Skip to main content

Shortage of Labor Claims

Record Job Openings

I discussed record job openings in Job Openings Decline by 284,000 But Still Near Record Highs

In the above link I discussed fictitious measures.

Case for Fictitious Numbers

Posting job openings on the internet is cheap. This does not mean companies are actually looking to hire.

  • Some companies want to investigate resumes just see what's out there.
  • Some companies prefer lower-pay foreign workers via the H1B Visa process. They post jobs with more qualifications than they really need to make a case no domestic workers applied.
  • For low-pay high-turnover jobs, companies keep many jobs open because they expect quits. There were 3.6 million quits in September.

I made the claim "If there really was a shortage of 7 million workers, wages would be soaring."

Reader Comments

  • The Realist commented: "No matter how you try to explain it away, there is a shortage of skilled workers. It may be overstated, statistically speaking, but there is still a shortage."
  • Pater Tenebrarum at the Acting Man blog replied "It should be noted though that there is a skill mismatch problem it is a remnant of the malinvestment orgy attending the previous cyclical bubble iteration."

Who is Right

All of us, in different ways.

Scroll to Continue


The Realist is correct. There is a shortage, but an overstated one.

If there really was a shortage of 7 million workers, I stand by my claim that wages would be soaring.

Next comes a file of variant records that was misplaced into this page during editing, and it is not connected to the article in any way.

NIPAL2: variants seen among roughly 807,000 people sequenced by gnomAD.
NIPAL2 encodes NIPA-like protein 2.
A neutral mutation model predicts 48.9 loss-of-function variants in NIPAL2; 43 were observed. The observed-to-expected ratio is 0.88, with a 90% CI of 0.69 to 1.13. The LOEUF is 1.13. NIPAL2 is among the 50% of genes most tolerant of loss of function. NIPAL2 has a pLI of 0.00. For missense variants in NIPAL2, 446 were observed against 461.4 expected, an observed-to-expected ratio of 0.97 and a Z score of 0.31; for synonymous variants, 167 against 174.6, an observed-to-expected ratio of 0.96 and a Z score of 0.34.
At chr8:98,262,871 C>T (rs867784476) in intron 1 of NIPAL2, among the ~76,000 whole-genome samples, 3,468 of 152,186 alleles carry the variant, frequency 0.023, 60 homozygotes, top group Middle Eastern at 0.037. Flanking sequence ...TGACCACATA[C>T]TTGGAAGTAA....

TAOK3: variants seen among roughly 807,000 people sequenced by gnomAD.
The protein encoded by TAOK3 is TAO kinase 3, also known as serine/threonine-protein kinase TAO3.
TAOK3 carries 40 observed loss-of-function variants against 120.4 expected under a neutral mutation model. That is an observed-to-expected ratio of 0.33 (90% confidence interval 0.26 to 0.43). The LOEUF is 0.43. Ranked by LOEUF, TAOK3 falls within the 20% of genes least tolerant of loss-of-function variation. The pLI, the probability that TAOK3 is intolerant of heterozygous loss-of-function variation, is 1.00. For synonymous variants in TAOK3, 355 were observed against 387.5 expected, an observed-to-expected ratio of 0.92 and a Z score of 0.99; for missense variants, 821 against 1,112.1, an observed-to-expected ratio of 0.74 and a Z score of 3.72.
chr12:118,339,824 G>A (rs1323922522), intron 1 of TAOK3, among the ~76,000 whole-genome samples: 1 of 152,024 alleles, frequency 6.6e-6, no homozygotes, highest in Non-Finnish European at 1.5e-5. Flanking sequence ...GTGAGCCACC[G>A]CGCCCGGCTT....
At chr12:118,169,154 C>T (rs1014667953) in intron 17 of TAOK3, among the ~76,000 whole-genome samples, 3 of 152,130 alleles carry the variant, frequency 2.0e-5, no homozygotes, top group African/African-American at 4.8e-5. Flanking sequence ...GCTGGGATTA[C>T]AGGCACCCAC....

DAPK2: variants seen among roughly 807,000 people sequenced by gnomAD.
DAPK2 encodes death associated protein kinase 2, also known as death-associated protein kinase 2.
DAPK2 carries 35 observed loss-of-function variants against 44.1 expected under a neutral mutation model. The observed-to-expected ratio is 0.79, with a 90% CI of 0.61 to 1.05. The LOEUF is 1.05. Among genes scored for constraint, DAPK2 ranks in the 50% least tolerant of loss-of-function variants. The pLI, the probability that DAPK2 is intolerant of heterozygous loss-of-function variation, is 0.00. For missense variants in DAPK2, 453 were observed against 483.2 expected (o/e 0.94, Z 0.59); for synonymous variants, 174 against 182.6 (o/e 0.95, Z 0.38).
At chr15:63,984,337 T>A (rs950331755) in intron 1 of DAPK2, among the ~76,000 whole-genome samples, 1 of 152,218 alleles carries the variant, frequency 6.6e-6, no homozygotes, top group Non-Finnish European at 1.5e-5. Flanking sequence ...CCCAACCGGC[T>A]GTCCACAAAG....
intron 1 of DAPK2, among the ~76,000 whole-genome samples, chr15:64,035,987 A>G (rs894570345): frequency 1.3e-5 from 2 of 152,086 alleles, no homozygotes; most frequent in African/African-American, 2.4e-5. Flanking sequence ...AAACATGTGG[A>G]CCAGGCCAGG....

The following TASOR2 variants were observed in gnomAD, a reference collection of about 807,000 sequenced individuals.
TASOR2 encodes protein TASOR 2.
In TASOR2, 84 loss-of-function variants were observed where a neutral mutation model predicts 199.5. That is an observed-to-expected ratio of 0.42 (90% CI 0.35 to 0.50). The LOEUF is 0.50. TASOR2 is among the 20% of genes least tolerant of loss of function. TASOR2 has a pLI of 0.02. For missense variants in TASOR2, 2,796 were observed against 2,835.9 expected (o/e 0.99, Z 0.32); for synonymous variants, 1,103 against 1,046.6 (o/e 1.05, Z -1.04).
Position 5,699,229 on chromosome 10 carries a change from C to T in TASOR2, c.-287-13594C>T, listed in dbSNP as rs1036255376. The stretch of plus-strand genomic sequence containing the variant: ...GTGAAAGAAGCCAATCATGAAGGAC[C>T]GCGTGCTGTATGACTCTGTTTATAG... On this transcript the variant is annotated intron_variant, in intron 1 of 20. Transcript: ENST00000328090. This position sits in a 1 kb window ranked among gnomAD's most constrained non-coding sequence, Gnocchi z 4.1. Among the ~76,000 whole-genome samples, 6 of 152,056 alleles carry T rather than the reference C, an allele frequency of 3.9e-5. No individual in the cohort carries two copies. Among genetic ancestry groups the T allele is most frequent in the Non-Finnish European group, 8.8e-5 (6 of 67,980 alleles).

Pater Tenebrarum made the most critical point. Let me rephrase it.

There's Always a Perceived Shortage at the Top

Think back to 2006. Supposedly there was a shortage of Florida condos.

Alleged "Proof" was easy to find. People were lining up around the corner to enter lotteries for the right to buy a condo.

More recently, in Australia, speculative demand from China made it look like there was a shortage of houses down under. That bubble recently died and has a long way to go before it's finished.

This time, rather than creating another enormous housing bubble, the Fed revived the junk bond market. Zombie corporations make up 15% of S&P corporations.

Cheap money finances many speculative endeavors.

Is there a shortage of skilled fracking workers? Probably, but how many of those drillers survive only because they can roll over debt?

Is there a shortage of truck drivers? Again, that's likely. But on top of boomer demographics (millennials don't want to drive trucks), we have an over-expansion of all kinds of franchises thanks to cheap credit.

As soon as the bubbles pop, there will not be any labor shortages, real or imaginary.

Also see Rise of the Zombie Corporations: Percentage Keeps Increasing, BIS Explains Why.

Mike "Mish" Shedlock